Parents’ stress resulting from hospitalization of their infant in the neonatal intensive care unit (NICU) produces emotional and behavioral responses. The National Institutes of Health–sponsored Patient Reported Outcomes Measurement Information System (PROMIS) offers a valid and efficient means of assessing parents’ responses.


To examine the relationship of stress to anxiety, depression, fatigue, and sleep disruption among parents of infants hospitalized in the NICU.


Thirty parents completed the Parental Stressor Scale (PSS:NICU) containing subscales for NICU Sights and Sounds, Infant Behavior and Appearance, and Parental Role Alteration, and the PROMIS anxiety, depression, fatigue, and sleep disturbance short-form instruments.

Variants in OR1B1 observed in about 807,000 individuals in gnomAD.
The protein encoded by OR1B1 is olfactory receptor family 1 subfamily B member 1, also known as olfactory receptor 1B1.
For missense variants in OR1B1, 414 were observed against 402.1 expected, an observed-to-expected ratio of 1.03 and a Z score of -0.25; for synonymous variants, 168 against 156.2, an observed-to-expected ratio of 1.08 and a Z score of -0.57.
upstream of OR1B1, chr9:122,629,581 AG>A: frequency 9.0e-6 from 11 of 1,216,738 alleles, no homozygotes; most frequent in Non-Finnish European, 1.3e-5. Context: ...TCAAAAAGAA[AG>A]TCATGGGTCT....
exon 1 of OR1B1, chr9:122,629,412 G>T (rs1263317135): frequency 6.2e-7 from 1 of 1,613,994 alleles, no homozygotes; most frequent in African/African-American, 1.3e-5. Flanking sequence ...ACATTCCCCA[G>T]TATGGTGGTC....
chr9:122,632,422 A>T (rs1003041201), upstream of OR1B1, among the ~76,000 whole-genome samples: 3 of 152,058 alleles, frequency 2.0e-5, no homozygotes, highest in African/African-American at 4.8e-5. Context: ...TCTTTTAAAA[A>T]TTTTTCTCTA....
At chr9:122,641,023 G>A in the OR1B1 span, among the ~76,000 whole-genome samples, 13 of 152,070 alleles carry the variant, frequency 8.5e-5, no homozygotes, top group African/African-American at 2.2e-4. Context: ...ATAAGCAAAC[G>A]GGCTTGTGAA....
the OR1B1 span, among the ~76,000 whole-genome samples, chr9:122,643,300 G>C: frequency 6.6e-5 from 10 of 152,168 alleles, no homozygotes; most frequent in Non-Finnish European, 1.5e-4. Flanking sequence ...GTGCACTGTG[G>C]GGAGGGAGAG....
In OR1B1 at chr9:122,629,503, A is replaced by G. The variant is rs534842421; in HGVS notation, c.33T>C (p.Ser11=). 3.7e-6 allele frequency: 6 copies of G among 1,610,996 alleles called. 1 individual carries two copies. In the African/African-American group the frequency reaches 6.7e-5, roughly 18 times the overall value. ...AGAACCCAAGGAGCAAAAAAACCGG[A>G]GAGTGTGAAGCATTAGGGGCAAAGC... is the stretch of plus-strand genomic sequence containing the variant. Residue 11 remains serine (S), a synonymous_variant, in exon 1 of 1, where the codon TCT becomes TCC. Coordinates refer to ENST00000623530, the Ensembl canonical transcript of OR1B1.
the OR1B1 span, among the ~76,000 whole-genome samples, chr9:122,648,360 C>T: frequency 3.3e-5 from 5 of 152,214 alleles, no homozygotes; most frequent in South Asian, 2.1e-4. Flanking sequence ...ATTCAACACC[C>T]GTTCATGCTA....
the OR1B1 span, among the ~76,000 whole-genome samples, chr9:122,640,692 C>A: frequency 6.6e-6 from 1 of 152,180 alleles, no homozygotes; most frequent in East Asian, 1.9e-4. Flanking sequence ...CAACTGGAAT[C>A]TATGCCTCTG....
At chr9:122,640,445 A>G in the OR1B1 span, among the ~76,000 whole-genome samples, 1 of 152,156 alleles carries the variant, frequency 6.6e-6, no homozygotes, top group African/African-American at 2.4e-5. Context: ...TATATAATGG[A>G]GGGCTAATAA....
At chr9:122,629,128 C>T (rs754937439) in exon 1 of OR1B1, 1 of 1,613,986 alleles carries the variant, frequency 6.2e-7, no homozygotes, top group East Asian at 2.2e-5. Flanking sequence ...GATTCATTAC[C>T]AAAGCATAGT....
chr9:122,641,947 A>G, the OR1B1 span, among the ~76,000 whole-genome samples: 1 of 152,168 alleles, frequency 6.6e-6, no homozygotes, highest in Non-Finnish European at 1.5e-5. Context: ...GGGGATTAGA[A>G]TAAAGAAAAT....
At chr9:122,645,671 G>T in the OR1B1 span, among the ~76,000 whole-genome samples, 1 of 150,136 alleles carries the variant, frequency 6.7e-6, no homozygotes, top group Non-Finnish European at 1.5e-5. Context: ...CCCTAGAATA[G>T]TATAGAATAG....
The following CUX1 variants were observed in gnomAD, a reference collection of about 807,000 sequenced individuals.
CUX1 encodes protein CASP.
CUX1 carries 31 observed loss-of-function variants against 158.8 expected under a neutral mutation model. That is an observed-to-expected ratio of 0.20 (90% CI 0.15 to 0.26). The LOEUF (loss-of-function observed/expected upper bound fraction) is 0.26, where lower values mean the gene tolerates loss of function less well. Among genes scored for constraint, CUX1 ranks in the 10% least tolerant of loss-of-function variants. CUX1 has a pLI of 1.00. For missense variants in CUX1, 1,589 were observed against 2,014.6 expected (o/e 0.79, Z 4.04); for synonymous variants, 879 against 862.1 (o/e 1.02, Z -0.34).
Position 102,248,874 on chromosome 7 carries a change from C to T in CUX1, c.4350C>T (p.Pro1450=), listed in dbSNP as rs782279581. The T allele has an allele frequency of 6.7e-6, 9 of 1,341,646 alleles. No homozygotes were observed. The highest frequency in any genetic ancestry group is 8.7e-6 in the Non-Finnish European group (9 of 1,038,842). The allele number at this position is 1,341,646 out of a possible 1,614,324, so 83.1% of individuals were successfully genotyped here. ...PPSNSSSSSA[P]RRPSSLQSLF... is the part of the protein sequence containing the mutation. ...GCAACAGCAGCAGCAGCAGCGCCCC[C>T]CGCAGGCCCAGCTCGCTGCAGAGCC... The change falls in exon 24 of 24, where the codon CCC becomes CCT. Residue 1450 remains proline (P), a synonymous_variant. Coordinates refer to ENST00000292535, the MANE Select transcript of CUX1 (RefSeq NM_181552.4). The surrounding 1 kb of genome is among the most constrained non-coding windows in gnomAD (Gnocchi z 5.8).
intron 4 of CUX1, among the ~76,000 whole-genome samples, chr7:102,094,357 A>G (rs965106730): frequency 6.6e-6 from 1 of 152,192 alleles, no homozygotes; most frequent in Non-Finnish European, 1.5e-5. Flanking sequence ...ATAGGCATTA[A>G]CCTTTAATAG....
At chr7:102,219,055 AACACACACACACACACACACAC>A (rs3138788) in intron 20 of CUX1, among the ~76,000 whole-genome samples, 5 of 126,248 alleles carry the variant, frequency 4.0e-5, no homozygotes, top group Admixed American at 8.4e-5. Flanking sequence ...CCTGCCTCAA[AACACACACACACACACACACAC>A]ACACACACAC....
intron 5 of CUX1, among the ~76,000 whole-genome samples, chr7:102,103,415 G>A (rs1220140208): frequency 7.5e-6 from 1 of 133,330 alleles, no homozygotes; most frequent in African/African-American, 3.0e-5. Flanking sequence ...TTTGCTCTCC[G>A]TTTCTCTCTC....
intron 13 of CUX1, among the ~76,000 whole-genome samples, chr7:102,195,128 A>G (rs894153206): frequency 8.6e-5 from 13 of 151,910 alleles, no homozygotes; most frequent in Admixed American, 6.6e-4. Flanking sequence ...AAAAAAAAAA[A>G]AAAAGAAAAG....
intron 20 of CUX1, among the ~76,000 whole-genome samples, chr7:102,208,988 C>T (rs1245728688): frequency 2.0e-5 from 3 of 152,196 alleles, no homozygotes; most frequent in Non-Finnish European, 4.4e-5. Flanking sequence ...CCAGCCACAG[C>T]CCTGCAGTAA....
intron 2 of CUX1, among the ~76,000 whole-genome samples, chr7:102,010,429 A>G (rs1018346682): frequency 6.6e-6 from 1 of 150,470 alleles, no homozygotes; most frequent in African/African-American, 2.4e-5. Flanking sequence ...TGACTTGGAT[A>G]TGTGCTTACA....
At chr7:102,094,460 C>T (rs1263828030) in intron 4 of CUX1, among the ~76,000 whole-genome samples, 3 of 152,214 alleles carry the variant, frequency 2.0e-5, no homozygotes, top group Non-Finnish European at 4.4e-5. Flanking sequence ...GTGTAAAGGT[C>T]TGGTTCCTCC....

PSS total score was significantly correlated with anxiety (r = 0.61), depression (r = 0.36), and sleep disturbance (r = 0.60). Scores for NICU Sights and Sounds were not significantly correlated with parents’ outcomes; however, scores for Alteration in Parenting Role were correlated with all 4 outcomes, and scores for Infant Appearance were correlated with all except fatigue.


Stress experienced by parents of NICU infants is associated with a concerning constellation of physical and emotional outcomes comprising anxiety, depression, fatigue, and sleep disruption.

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